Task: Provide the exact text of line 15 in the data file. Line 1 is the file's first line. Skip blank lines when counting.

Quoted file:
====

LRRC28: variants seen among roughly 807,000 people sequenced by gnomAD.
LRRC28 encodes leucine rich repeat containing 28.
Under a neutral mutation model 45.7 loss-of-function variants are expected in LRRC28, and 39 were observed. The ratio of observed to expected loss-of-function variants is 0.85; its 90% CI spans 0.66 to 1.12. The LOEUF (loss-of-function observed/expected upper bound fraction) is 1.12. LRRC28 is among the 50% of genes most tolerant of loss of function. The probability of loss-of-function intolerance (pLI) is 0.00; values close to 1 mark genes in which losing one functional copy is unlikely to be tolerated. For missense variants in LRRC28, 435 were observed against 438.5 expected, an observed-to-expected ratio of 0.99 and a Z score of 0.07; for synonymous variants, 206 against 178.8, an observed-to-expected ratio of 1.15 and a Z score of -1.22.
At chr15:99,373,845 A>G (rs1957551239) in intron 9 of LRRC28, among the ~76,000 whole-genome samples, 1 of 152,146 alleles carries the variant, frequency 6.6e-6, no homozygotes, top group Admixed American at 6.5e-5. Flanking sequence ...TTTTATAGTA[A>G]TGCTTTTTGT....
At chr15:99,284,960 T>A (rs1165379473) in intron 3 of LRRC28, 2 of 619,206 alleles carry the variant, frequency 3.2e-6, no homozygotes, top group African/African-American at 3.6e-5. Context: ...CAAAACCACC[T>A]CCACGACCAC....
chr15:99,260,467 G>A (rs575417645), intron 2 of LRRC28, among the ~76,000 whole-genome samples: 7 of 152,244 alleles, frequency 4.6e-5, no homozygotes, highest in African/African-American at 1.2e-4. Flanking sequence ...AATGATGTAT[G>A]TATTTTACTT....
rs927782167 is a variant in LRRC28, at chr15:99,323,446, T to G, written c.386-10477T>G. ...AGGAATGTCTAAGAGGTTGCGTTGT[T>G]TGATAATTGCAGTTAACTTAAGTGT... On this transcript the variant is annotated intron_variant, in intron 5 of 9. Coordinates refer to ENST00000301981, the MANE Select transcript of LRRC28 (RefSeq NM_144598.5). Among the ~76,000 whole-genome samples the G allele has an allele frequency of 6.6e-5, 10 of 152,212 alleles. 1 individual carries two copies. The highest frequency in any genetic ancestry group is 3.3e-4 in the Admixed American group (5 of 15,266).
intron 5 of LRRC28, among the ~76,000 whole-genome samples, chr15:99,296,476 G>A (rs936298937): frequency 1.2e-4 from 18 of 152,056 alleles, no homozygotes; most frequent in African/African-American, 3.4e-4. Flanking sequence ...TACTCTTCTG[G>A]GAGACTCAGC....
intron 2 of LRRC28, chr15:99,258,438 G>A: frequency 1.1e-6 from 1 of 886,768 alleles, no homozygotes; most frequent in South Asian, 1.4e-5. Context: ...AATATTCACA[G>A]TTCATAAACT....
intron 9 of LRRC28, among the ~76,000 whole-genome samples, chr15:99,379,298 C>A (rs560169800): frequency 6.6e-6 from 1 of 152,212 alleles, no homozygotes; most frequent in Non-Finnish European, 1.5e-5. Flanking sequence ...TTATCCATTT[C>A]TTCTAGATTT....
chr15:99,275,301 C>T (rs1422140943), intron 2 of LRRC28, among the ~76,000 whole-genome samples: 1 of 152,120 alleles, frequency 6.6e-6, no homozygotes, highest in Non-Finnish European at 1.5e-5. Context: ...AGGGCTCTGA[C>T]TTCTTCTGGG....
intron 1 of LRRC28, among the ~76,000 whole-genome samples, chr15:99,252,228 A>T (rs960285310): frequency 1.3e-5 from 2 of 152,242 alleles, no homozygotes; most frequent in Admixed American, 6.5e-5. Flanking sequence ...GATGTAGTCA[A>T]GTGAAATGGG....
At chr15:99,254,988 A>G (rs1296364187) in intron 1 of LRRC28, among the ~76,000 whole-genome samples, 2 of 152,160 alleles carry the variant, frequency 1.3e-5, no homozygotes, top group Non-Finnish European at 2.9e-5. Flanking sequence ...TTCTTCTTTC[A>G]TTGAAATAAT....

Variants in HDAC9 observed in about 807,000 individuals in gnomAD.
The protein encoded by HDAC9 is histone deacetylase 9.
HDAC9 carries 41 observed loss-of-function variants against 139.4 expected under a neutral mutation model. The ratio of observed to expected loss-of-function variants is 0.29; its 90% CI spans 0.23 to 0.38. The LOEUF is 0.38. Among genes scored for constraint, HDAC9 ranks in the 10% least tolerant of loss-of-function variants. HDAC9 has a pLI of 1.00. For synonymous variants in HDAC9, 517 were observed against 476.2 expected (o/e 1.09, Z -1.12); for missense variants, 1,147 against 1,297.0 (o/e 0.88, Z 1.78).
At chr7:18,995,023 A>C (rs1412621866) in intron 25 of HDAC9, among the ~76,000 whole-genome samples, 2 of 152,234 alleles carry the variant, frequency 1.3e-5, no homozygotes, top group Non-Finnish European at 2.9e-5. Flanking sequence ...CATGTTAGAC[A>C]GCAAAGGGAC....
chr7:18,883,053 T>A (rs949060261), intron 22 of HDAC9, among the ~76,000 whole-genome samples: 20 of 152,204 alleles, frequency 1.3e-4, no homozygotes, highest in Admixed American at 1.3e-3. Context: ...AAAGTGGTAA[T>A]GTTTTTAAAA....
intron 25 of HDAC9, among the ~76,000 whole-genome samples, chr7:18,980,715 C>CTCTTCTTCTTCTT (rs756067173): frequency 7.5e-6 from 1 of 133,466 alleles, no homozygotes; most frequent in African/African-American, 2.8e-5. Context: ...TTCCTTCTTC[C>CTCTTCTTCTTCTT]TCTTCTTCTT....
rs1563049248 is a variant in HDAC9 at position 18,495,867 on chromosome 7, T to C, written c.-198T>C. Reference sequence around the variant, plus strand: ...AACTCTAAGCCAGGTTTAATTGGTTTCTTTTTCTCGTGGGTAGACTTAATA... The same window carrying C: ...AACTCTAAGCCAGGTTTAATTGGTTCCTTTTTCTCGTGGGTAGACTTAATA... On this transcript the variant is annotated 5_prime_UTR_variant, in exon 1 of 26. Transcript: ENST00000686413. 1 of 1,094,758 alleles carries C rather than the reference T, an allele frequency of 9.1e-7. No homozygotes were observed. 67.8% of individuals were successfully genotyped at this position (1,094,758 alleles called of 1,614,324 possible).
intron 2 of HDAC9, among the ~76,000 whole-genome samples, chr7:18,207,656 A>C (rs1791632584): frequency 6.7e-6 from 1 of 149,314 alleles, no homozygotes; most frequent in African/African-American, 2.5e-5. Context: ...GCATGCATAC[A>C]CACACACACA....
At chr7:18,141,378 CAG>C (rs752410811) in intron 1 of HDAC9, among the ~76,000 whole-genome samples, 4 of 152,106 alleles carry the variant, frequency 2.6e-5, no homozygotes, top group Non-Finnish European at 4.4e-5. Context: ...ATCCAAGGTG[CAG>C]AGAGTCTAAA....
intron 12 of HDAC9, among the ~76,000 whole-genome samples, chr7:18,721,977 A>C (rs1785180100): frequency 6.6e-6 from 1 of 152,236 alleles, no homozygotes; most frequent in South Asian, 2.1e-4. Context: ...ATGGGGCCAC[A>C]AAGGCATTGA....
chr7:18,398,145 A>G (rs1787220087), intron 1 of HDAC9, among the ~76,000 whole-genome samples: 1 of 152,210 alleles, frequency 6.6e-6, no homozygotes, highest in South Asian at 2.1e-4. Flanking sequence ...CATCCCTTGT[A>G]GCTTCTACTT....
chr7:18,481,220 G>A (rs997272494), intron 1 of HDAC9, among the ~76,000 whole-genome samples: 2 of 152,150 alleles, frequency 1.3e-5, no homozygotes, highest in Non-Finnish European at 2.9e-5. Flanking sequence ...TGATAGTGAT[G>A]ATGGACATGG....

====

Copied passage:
The protein encoded by HDAC9 is histone deacetylase 9.